For Immediate Release
Contact David McGuire, 415 350-3790, firstname.lastname@example.org
May 15, 2012
The town where the shark fin free movement began continues to inspire youth interested in protecting its namesake.
First inspired by local sharks, Thirteen year old Joshua Mattazza loves sharks and decided he wanted to do something to protect them.
“I learned that many sharks could be going extinct from shark finning. It’s a cruel and wasteful practice to kill sharks just for their fins. They die at the bottom of the ocean. We need to stop it.”
Shark finning is the practice of catching a shark, slicing off the valuable fins and discarding the less valuable shark over the side, dead or still living. The global demand for the luxury dish shark fin soup has generated a dramatic increase in killing sharks just for their fins.
The International Union for Concerned Scientists estimates that one third of open ocean sharks are threatened with extinction. Scientists estimate that tens of millions of sharks are killed each year to supply the shark fin trade.
It is widely recognized that shark populations cannot sustain overfishing at the current rate, yet out of 193 member countries in the United Nations, less than 30 countries have laws against the practice of shark finning.
“It is a global phenomenon driven by increased affluence and a newly developed taste for shark fin soup by the middle class. Shark finning is like elephant ivory but it is occurring on every ocean. Its an ocean gold rush for fins and shark populations cant stand it.” Said David McGuire, Director of Sea Stewards, a shark conservation non profit based near San Francisco.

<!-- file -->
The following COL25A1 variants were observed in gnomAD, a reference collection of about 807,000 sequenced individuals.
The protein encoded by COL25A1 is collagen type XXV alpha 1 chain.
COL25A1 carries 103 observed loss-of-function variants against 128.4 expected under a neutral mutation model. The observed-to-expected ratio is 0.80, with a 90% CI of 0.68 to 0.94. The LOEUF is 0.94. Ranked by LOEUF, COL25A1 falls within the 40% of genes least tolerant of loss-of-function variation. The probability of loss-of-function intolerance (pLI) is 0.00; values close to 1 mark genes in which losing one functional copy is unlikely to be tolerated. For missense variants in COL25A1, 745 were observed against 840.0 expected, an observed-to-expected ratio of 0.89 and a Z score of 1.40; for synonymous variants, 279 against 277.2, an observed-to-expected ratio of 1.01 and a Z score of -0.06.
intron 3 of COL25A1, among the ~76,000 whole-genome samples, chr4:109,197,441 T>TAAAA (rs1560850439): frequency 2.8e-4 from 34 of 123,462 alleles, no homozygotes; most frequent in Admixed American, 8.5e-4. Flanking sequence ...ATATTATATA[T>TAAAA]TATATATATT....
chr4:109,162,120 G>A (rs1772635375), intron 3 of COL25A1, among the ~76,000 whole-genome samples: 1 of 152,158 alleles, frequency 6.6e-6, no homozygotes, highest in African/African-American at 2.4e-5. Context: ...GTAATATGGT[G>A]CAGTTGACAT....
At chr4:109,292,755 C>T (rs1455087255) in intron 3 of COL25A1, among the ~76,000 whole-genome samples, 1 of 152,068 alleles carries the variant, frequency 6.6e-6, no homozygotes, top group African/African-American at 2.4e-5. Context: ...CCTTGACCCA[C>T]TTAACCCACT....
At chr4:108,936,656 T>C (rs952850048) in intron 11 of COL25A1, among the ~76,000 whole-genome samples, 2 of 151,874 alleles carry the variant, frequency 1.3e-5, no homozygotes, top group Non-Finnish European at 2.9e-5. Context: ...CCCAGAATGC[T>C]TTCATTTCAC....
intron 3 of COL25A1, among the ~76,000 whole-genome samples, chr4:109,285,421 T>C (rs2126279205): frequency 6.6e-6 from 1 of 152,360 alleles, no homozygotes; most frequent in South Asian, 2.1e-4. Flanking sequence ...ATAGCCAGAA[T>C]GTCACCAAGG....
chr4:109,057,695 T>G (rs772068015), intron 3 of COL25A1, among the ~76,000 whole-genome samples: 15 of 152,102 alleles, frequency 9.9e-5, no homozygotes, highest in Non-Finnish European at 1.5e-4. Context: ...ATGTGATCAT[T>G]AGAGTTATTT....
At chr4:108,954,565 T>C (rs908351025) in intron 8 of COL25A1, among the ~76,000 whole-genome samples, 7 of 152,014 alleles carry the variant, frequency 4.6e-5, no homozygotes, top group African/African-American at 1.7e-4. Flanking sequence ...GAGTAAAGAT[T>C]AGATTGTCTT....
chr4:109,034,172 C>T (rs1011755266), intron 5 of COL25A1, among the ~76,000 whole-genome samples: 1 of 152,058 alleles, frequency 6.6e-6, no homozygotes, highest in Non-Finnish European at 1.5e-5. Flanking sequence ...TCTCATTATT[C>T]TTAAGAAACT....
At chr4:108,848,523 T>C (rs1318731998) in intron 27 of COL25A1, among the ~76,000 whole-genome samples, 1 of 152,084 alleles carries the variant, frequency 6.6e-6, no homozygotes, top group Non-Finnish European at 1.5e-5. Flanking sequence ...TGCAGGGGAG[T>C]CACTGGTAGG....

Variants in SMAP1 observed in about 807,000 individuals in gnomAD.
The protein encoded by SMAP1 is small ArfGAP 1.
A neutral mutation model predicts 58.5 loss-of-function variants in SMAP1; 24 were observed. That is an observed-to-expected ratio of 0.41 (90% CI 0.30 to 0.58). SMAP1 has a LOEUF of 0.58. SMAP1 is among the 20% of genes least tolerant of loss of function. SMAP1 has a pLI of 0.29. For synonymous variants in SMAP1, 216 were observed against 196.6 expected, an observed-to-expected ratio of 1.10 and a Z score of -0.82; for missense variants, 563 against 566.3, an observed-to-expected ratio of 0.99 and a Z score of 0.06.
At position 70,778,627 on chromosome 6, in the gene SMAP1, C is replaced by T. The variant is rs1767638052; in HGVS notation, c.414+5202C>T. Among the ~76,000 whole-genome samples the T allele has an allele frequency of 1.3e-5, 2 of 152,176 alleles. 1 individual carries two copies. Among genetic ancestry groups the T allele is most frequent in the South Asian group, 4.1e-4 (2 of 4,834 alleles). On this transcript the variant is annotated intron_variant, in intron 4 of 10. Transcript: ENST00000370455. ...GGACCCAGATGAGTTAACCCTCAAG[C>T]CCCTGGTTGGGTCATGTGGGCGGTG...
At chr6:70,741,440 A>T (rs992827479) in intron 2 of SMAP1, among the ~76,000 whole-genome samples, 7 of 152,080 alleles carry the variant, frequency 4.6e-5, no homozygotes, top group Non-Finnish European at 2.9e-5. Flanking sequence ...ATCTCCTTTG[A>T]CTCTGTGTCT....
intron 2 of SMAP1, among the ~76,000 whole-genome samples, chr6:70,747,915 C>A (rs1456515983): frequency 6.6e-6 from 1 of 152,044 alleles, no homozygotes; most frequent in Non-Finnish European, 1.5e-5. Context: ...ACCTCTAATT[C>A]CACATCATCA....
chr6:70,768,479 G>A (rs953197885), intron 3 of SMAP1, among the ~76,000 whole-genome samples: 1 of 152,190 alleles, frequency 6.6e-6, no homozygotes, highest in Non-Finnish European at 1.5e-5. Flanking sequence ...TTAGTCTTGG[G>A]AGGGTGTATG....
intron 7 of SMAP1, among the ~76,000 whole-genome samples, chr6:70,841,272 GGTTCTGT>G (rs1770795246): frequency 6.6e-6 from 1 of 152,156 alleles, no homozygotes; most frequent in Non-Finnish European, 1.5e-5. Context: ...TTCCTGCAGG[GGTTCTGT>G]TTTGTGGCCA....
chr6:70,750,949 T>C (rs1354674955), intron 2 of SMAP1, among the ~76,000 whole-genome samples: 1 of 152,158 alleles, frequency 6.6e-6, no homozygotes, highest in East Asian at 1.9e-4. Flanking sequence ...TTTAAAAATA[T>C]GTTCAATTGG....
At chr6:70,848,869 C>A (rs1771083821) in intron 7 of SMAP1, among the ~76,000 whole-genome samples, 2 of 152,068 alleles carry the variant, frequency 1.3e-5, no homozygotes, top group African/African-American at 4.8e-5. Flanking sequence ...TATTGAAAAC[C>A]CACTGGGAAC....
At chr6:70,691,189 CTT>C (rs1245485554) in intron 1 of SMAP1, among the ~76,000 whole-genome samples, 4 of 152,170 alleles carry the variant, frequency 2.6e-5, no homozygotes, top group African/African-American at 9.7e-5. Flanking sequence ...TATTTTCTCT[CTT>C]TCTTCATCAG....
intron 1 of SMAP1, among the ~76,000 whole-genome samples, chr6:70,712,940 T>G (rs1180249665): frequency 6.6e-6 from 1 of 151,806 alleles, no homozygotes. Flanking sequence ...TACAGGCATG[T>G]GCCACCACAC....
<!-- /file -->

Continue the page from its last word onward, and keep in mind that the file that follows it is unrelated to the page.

“Im inspired to help the Tiburon youth in protecting sharks once again. We started with an official condemnation of shark finning and shark fin soup by the Town Council in 2006. We succeeded in California with a shark fin ban and are working in other states with our Shark Stewards program. We can limit the trade but we need to ban the practice of shark fining at the international level. Killing sharks for fins must stop.”
The United States has laws against killing sharks just for the fins and requires sharks to be landed with their fins attached. Most countries do not have finning laws at all. Even the EU has finning laws but they allow the bodies to be landed with fins detached creating enforcement challenges and poaching.
Hawaii, Oregon, Washington have all passed shark fin trade laws and seven other states are considering trade bans. “Limiting the trade and regulating the practice might just save sharks.” said McGuire. “But we need to do both now.”
Scientists have demonstrated that removing sharks from and can create a dramatic imbalance to the ocean, reducing the health of the ecosystem.
“We can eat a different kind of soup, one that doesnt hurt the oceans. We need to protect sharks now.” Adds Mazzatta.
Supporters of the initiative can sign the Change.org petition and learn more at SharkStewards.org.